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I'm a zeromq newb and have implemented the REQ/RES Lazy Pirate pattern with C#. It's essentially a port from the C example given in the documentation. It's harnessed by tests, and seems to be work to my expectations. I'm interested to know if I'm understanding the pattern correctly, or if I can improve the API. If anyone knows of a pre-existing solution, I'd love to know too. Any advice would be great.

using System;
using System.Text;
using ZMQ;

namespace zeromq.net {
    public class LazyPirateClient : ReqRes {
        private readonly string _address;
        private readonly long _timeOut;
        private readonly int _retries;
        private bool _responseReceived;
        private int _attempt;

        public LazyPirateClient(string address, long timeOut, int retries) {
            _address = address;
            _timeOut = timeOut;
            _retries = retries;            
        }                                  

        public override void Send(Func<byte[]> byteProvider) {
            _responseReceived = false;
            using (var context = new Context(1)) {
                _attempt = 0;
                do {
                    using (var requester = context.Socket(SocketType.REQ)) {
                        _attempt++;
                        requester.Connect(_address);
                        requester.Send(byteProvider(), SendRecvOpt.NOBLOCK);
                        var item = requester.CreatePollItem(IOMultiPlex.POLLIN);
                        item.PollInHandler += item_PollInHandler;
                        context.Poll(new[] { item }, _timeOut);
                        requester.Linger = 0;
                    }
                } while (_attempt < _retries && !_responseReceived);

                if (!_responseReceived)
                     throw new PermenantFailException(_attempt);
            }
        }

        private void item_PollInHandler(Socket socket, IOMultiPlex revents) {
            _responseReceived = true;
            var bytes = socket.Recv(SendRecvOpt.NOBLOCK);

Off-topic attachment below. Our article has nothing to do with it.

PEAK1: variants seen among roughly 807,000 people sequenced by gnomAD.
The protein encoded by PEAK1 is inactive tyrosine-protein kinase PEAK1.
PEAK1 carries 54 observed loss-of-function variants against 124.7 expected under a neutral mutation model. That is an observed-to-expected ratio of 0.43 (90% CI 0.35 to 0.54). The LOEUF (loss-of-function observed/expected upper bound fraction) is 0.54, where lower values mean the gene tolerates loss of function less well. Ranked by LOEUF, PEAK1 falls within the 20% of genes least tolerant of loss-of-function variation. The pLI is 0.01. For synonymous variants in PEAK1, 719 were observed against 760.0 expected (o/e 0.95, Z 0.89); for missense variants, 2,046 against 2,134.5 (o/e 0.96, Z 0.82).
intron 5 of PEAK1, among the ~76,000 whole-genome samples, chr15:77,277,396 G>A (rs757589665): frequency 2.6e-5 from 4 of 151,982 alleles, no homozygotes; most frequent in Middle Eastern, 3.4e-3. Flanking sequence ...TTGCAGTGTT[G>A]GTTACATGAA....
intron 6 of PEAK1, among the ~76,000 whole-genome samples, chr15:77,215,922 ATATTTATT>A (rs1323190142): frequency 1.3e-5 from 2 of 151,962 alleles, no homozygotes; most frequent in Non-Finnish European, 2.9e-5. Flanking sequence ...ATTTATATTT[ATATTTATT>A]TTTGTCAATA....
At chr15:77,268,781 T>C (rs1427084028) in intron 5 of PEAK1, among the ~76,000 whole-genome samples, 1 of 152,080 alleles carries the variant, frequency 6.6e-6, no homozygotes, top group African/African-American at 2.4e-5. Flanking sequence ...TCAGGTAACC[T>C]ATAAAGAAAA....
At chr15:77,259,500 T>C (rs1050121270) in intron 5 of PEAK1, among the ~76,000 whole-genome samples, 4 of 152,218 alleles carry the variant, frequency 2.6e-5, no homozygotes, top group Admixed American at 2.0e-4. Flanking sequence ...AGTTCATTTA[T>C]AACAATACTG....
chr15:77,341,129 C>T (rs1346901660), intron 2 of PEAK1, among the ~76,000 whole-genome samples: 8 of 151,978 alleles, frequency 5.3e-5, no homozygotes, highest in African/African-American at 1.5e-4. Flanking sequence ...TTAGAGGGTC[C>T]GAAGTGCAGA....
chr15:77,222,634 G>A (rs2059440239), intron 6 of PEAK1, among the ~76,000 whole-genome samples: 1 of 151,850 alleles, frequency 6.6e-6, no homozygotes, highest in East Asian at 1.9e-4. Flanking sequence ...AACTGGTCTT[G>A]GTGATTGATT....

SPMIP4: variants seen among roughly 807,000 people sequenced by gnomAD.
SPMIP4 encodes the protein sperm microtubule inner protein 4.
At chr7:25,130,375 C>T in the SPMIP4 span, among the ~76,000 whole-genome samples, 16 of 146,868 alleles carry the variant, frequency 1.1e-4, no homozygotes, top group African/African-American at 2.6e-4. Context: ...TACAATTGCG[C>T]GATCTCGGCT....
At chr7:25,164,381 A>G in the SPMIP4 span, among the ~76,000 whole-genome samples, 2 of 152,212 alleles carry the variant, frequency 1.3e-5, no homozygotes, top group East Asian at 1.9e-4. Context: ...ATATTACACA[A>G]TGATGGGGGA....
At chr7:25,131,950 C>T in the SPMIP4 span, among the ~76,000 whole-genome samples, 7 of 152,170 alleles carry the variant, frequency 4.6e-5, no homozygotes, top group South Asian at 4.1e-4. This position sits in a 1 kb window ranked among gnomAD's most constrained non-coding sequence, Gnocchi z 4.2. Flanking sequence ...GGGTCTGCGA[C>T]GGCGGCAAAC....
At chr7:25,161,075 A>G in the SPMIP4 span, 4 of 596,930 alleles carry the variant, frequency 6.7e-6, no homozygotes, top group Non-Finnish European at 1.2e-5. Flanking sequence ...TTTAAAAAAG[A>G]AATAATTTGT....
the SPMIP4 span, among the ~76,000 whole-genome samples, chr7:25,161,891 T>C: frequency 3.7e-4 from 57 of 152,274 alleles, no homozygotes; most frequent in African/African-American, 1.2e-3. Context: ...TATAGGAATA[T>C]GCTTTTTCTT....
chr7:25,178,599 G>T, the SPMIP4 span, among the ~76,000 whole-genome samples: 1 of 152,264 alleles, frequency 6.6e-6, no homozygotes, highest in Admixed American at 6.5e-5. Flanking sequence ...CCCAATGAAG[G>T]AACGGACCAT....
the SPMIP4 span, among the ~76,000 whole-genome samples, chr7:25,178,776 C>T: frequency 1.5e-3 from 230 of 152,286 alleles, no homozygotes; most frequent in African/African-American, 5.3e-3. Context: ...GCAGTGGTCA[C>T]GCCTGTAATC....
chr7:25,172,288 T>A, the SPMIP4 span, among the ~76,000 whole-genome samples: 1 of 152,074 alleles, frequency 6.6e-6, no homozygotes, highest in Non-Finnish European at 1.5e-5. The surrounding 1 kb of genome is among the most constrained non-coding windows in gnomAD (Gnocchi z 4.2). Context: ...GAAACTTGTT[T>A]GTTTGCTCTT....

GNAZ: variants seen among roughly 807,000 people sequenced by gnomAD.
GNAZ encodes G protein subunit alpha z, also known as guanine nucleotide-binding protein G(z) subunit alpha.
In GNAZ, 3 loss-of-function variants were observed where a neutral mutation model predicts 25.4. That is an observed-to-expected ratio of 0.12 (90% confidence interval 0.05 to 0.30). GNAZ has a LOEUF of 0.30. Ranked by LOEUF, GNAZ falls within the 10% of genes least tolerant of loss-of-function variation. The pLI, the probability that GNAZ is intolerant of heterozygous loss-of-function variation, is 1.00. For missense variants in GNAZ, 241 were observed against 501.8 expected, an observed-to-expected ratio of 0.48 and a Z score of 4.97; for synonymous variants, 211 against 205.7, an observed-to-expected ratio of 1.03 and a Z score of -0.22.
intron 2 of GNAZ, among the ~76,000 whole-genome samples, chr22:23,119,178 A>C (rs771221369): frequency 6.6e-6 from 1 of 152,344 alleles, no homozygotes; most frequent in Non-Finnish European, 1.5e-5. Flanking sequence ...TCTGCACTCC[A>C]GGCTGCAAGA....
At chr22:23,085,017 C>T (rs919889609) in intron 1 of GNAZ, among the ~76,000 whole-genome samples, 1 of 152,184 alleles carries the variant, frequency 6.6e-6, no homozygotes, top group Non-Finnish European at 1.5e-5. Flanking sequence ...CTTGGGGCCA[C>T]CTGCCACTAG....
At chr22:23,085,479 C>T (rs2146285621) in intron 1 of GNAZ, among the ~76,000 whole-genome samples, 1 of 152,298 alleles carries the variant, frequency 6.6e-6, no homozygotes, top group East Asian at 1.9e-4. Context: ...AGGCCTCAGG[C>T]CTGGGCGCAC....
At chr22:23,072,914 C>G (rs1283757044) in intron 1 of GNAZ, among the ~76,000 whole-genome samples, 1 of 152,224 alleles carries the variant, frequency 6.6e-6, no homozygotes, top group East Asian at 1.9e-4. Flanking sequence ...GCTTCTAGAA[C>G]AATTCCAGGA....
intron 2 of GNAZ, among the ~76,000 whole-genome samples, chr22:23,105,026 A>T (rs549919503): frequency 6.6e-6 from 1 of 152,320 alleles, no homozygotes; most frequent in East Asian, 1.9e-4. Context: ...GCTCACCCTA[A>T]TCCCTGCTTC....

OnReceived(new ResponseReceivedEventArgs(bytes, _attempt));
        }                
    }


     public abstract class ReqRes {
        public abstract void Send(Func<byte[]> byteProvider);
        public delegate void ResponseReceived(object sender, ResponseReceivedEventArgs e);
        public event ResponseReceived ReceivedHandler;

        public void OnReceived(ResponseReceivedEventArgs e) {
            var handler = ReceivedHandler;
            if (handler != null) handler(this, e);
        }
     }
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  • \$\begingroup\$ Minor improvement, in c# class properties use PascalCase. So you would have Address, Timeout, ResponseReceived, etc. You also have a typo in PermanentFailException. \$\endgroup\$ – ANeves thinks SE is evil Feb 6 '12 at 13:59
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+50
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It seems zeromq will release sent data itself. With GC supported in C#, this feature is useless. The byteProvider parameter seems inappropriate, so why not just use IEnumerable<byte>?

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  • \$\begingroup\$ The motivation for a byteProvider is if you need to regenerate a message on each attempt. For example, if you need to regenerate a timestamp, or id in the message. There is a version (not shown here) that has an overload for IEnumerable<byte> such that: public override void Send(IEnumerable<byte> bytes) { Send(() => bytes); } Using the byteProvider is not the vanilla case, but is there in case you need it. \$\endgroup\$ – stantona Feb 7 '12 at 16:22
  • \$\begingroup\$ The send operation is asynchronous in zeromq, so when send() return, it doesn't mean the data has been sent. I didn't find asynchronous action in your send() method, do you provide another SendAsync()? And if the operation is asynchronous, then, use func<byte[]> as parameter is not proper - the send action will be executed on another thread any other time, if you invoke the func<byte[]> that time, you should have to guarantee the resources referenced in func<byte[]> are still available. \$\endgroup\$ – Simon. Li Feb 8 '12 at 3:43
  • \$\begingroup\$ One thing I have met just like what you done, and in the delegate I referenced an autowaitevent, the program crashed sometime - The autowaitevent might be disposed when I call it in asynchronously delegate. In order to enhance the stability of program, I suggest IEnumerable<byte>. \$\endgroup\$ – Simon. Li Feb 8 '12 at 3:43

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